Review of external ocular compression: clinical applications of the ocular pressure estimator
Authors Korenfeld M, Dueker D
Received 23 July 2015
Accepted for publication 19 December 2015
Published 23 February 2016 Volume 2016:10 Pages 343—357
Checked for plagiarism Yes
Review by Single-blind
Peer reviewers approved by Dr Ahmed Abd Elhamid Hosni
Peer reviewer comments 3
Editor who approved publication: Dr Scott Fraser
Michael S Korenfeld,1,2 David K Dueker3
1Comprehensive Eye Care, Ltd. Washington, MO, USA; 2Washington University Department of Ophthalmology and Visual Sciences, St Louis, MO, USA; 3Ophthalmology, Hamad Medical Corporation, Doha, Qatar
Purpose: The authors have previously validated an Ocular Pressure Estimator (OPE) that can estimate the intraocular pressure (IOP) during external ocular compression (EOC). The authors now apply the OPE in clinical states where EOC is clinically important. The original work is described for two periods of risk: during sleep and during the digital ocular massage (DOM) maneuver used by surgeons after trabeculectomy to keep the operation functional. Other periods of risk for external ocular compression are then reviewed.
Methods: The first protocol estimated the IOP in the dependent eye during simulated sleep. Subjects had their IOPs initially measured in an upright-seated position, immediately upon assuming a right eye dependent side sleeping position (with nothing contacting the eye), and then 5 minutes later while still in this position. While maintaining this position, the fluid filled bladder of the OPE was then placed between the subject’s closed eye and a pillow during simulated sleep. The IOP was continuously estimated in this position for 5 minutes. The subjects then had the IOP measured in both eyes in an upright-seated position. The second protocol determined if a larger vertical cup-to-disc ratio was more common on the side that patients reported they preferred to sleep on. The hypothesis was that chronic asymmetric, compression induced, elevations of IOP during sleep would be associated with otherwise unexplained asymmetry of the vertical cup-to-disc ratio. The third protocol assessed the IOP during DOM. The OPE was used to characterize the IOP produced during the DOM maneuver of five glaucoma surgeons. After this, 90 mmHg was chosen as a target pressure for DOM. The surgeons were then verbally coached during three additional compressions. After a 5-minute period, the surgeons were asked to reproduce this targeted IOP during subsequent compressions.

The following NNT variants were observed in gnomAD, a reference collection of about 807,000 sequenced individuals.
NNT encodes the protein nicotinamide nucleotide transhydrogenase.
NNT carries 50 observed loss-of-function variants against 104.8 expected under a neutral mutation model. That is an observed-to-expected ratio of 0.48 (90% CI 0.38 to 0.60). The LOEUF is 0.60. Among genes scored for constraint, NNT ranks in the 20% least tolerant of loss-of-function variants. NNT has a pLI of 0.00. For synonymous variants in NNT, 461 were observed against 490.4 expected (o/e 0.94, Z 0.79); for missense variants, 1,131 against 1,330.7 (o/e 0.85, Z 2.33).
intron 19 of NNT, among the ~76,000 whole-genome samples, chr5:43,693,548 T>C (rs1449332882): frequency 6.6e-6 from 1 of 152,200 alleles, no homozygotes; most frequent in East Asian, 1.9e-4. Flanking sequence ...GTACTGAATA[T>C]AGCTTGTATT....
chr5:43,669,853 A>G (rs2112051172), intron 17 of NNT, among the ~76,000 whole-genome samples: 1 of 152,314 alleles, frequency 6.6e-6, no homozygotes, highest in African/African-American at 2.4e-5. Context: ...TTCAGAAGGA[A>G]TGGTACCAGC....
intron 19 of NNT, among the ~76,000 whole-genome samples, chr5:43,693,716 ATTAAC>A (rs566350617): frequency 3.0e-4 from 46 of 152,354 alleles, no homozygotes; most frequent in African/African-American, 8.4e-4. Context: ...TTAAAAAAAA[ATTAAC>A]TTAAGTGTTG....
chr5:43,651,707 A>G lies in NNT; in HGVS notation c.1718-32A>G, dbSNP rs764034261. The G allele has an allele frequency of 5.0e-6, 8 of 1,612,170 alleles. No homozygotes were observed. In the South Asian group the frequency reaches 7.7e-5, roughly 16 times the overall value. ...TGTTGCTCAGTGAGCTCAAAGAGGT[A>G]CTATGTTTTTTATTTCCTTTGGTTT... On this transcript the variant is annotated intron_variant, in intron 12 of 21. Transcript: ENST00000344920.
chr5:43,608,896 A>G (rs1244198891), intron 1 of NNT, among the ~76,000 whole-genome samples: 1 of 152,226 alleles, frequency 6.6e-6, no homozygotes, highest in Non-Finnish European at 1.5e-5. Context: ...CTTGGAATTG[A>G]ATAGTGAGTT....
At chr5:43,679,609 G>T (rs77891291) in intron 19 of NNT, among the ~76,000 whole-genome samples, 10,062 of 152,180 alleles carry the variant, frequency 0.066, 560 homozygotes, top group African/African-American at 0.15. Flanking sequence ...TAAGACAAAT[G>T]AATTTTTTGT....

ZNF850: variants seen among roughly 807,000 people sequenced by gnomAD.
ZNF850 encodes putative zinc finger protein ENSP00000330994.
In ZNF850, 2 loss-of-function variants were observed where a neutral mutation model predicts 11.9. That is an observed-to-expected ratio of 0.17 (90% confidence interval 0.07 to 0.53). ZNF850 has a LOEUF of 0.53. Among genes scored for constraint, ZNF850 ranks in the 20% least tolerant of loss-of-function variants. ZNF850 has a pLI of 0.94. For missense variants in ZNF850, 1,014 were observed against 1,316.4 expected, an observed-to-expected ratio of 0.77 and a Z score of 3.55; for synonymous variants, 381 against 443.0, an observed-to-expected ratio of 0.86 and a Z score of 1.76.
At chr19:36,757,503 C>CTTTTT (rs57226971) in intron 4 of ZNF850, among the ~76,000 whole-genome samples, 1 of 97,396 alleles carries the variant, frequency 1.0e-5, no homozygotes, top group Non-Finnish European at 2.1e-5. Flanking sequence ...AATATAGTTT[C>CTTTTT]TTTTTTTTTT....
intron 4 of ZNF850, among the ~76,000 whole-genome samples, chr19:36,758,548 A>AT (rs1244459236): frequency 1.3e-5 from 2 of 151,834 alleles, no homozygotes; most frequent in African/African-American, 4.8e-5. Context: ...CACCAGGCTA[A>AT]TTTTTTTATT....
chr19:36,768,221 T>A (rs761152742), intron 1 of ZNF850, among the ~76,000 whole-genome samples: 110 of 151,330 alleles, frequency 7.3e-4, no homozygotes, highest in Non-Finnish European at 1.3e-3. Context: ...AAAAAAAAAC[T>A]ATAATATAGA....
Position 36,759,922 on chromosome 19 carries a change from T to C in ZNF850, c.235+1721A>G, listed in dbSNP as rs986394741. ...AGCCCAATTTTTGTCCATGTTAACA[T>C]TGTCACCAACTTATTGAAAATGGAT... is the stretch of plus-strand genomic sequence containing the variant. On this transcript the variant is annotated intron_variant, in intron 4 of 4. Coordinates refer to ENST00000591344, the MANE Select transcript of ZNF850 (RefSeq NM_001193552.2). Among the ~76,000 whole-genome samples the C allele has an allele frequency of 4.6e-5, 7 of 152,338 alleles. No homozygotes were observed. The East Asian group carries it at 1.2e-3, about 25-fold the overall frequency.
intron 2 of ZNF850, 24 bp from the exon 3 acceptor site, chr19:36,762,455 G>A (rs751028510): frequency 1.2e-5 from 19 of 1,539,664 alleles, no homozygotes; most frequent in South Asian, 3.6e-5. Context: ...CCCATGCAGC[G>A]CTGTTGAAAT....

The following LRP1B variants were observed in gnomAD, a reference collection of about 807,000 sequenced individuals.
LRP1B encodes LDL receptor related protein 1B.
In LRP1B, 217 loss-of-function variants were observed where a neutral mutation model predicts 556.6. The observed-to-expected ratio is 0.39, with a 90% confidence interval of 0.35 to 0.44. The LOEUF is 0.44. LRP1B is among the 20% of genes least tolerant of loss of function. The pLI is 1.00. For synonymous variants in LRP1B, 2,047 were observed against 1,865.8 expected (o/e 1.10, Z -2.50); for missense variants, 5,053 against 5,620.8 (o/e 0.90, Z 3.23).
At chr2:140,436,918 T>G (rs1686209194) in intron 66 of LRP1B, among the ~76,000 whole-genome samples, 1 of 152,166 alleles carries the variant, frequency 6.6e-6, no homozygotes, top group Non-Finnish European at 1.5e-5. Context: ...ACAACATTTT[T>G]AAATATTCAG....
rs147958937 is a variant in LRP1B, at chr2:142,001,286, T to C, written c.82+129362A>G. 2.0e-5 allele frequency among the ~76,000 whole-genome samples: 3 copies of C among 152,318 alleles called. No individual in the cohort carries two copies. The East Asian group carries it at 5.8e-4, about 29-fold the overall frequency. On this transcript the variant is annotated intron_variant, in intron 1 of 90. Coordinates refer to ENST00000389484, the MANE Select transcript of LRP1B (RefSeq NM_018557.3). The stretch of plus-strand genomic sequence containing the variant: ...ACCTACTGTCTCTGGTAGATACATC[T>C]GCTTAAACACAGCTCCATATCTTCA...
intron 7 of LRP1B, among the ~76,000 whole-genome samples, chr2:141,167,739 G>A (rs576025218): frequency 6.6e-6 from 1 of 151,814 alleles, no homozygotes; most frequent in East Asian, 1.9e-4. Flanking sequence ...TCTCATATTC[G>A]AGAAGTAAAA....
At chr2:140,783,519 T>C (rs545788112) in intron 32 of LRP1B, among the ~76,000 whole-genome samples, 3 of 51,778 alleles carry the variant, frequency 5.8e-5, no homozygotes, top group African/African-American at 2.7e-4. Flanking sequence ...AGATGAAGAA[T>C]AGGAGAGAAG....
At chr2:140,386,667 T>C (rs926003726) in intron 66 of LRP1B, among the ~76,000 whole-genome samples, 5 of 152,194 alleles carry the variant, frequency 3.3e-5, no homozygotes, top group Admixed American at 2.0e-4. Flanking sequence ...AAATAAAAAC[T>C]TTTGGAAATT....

Results: The mean IOP during the “sleep session” was 22±5 mmHg (SEM). The mean peak pressure was 40±11 mmHg (SEM) and the mean trough pressure was 15±2 mmHg (SEM). There was a 78% agreement between the eye that was reported to be dependent during sleep and the eye with the larger vertical cup-to-disc ratio, for eyes with at least a 0.10 cup-to-disc ratio difference, P=0.001, n=137. The OPE estimated an average induced IOP during typical DOM of 104±8 mmHg (SEM), with each compression having an average range of 17±3 mmHg (SEM). After coaching, and a 5-minute waiting period, the average induced IOP reduced to 95±3 mmHg (SEM) with a reduced average range of IOP to 11±1 mmHg.
Conclusion: The OPE was successfully used to estimate the IOP while subjects experienced EOC during normal sleep postures. These EOC-induced elevations of IOP were considerable, and likely contribute to significant ocular pathology, not only for glaucoma, but for retinal vascular occlusive diseases, retinal vascular leakage, and the induction of the ocular-cardiac reflex in infants, as well. The correlation of a larger vertical cup-to-disc ratio in patients with a sleep posture preference suggests a causal relationship, since patients with other conditions known to be associated with cup-to disc ratio asymmetry were excluded from this study. The OPE is a useful device to teach DOM to surgeons and patients for home use.
Keywords: sleep posture, intraocular pressure, nocturnal, cup-to-disc ratio asymmetry, glaucoma, digital ocular massage
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